God Project

God Project

If God is love, then why is human history (especially in the 20th Century) characterized by such unspeakable suffering?  If God created and interacts with the world, then why is modern science so good at explaining, anticipating, and altering our world without giving God much consideration?  Amidst the swirling religious diversity of 21st Century American society and the relative popularity of atheism, why bother believing in God, let alone a roughly “Christian” God?  Does “divine action” reduce God to a supernatural agent who arbitrarily protects some of us from harm some of the time, but leaves others to suffer mercilessly?  What do people mean when they say they “experience God,” and can we learn anything remotely conclusive from those stories?  Is all talk of God purely speculative, meaningless projection?

Those questions keep me up at night.  Unable to ignore them any longer, I have decided to devote my reading time over the next twelve months to explore and research these kinds of questions.

How did I get here?

I was raised in a theologically moderate-conservative Evangelical church and family.  From a young age, my faith was personal and active, a crucial component of my identity.  Although I, like so many college students, eventually encountered a tsunami of doubt that threatened to make my childhood faith impossible, I eventually learned to revise and reinterpret my beliefs without obstructing living faith or unbridled questioning.  By closely reading thinkers from John Caputo to Jurgen Moltmann to Marcus Borg, I found a way of being a Christian that doesn’t require me to turn off my brain.

So far, I’ve concentrated on methodological questions of epistemology, the appropriation of mainstream New Testament historical criticism, Church History, and biblical interpretation.  I have found good-enough-for-now answers to many of those questions by re-imagining my faith as a relationship with God and community rather than intellectual assent to one or another set of propositional truth-claims.

But what about those tricky and fascinating questions about God?  Although I don’t think they can ever be answered conclusively, I have already seen that effort, research, and thinking can turn my tough questions into a re-imagined and re-engaged faith.  My goal is not to answer my questions “once-and-for-all,” still less to defend someone else’s dogma.  Rather, I hope to give my doubt and curiosity proper attention and see where they lead me.  I’m excited to see what I will find when I turn my energy towards my tough questions about God.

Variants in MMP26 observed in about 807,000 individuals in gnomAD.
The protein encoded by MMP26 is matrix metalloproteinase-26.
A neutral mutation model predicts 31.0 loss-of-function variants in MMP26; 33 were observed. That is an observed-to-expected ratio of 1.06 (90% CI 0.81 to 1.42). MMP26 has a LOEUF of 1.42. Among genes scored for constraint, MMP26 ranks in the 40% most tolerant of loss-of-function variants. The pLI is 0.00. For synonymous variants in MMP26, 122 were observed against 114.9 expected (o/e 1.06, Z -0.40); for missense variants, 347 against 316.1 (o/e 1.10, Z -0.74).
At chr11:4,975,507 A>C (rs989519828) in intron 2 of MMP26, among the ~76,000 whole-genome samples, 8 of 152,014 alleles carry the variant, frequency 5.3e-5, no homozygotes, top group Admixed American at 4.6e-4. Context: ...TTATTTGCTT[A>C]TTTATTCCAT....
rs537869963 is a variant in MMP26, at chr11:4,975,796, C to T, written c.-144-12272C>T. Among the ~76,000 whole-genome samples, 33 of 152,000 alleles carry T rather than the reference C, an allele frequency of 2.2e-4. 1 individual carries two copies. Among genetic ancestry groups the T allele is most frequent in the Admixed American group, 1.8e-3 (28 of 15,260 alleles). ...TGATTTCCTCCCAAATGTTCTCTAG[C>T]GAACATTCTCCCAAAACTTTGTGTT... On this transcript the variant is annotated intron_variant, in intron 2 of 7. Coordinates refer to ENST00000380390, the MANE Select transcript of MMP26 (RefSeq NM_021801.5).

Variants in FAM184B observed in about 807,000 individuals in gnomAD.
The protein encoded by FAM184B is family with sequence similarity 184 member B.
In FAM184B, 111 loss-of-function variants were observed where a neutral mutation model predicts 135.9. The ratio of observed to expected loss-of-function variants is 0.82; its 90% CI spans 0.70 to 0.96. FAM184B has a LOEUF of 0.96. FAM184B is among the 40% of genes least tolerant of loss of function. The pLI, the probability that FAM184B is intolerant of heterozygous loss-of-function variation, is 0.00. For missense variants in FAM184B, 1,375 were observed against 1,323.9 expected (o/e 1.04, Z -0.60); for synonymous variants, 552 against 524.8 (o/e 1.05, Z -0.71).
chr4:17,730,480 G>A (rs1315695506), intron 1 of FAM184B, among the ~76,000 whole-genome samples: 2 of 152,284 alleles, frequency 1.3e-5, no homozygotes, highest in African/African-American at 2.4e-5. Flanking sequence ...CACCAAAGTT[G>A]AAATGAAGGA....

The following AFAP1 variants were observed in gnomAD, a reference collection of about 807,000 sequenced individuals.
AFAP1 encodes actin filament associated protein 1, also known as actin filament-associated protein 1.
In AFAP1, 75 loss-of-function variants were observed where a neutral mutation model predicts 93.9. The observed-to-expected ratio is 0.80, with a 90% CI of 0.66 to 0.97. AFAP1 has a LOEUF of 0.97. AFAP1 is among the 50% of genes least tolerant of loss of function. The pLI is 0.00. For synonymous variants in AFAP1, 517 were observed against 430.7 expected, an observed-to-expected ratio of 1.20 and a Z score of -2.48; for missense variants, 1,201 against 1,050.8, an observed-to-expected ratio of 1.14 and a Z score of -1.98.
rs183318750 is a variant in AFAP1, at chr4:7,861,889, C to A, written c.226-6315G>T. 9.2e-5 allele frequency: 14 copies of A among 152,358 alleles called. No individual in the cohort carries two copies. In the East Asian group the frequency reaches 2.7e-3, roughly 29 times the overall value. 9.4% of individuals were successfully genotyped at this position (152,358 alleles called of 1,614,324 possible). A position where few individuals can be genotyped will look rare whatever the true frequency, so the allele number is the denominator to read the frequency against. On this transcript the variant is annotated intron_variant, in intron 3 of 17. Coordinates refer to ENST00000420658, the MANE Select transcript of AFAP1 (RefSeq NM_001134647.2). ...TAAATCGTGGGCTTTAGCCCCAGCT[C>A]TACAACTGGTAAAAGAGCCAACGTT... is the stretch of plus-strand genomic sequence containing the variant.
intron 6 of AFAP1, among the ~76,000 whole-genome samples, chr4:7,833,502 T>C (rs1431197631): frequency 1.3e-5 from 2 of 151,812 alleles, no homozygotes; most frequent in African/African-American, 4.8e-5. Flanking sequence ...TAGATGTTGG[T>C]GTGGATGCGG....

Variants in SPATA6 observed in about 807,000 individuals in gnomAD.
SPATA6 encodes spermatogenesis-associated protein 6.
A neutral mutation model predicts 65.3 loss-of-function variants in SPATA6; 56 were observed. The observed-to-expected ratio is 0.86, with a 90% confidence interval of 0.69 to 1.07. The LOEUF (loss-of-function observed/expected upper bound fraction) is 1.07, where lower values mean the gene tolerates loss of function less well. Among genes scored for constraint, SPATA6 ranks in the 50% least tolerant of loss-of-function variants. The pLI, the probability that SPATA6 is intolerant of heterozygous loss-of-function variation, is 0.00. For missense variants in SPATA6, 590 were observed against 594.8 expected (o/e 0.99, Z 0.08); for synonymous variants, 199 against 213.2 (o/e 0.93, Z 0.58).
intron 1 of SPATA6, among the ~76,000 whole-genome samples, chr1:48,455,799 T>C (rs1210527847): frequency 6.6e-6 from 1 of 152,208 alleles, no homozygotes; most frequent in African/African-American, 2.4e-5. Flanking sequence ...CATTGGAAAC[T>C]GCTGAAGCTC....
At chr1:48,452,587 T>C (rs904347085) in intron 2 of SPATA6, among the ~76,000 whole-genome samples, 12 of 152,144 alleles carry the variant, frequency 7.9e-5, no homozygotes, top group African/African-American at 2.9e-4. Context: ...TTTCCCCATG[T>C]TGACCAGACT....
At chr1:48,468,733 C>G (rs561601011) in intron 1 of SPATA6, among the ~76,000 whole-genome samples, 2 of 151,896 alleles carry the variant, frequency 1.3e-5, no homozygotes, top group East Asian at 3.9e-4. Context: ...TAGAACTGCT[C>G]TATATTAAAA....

My “God Project”

Of course, where I end up at the end of these twelve months will depend in large part on how I go about this project.  My aim is to engage my questions in an integrated and holistic way, accessing my head, heart, and community.  For lack of a better title, I am calling this adventure my “God project”.  (“God adventure” and “God journey” may be used interchangeably.)

To help me consider different ways of thinking about God, I will be learning from a bunch of different resources, including 14 books.  I am primarily interested in science, religious experience, atheism, “the problem of evil,” and contemporary options in big-tent Christian theology.  I will periodically post bite-sized, readable summaries and highlights from what I learn to this blog.  To get the full annotated list of resources I’ll be exploring, click here.

God-questions are not pure intellectual curiosity.  My own spirituality, or “relationship with God”, has always been very important to me, even as it has always been a challenge.  I have experienced (and continue to experience) the rhythm of God’s nearness one moment and stark absence the next.  To help me work on my spiritual life, I will be regularly meeting with a spiritual director (shout out to the Charlotte Spirituality Center!). I will also read the Bible in a year and spend time praying daily.  As best I can, I will be sharing the personal spiritual insights and challenges I face via this blog.

I have always had a concerning tendency towards arrogant, isolated individualism.  To remind me that I’m not the only one with something to say about God, I will be relying on conversations with friends at church (I go to a Methodist church in Charlotte), my family, and comments on this blog.  While my opinions don’t and won’t mirror the beliefs of my church or my friends, I expect that my relationships with other people will play an important role in this adventure.

My hope is that by making my God adventure public through this blog, other people can benefit from my borderline obsessive interest in exploring theological (and related) questions.  Consider yourself invited to join the conversation.  Please feel free to share your thoughts and stories and/or tell me that I’m wrong at any point.  I can’t wait for your feedback!

If this project seems interesting to you, the best way to follow along is to find “Follow blog via email” at the bottom of this page.  If you enter your email address into that box, you will receive an email update with each blog post (roughly one or two per week).

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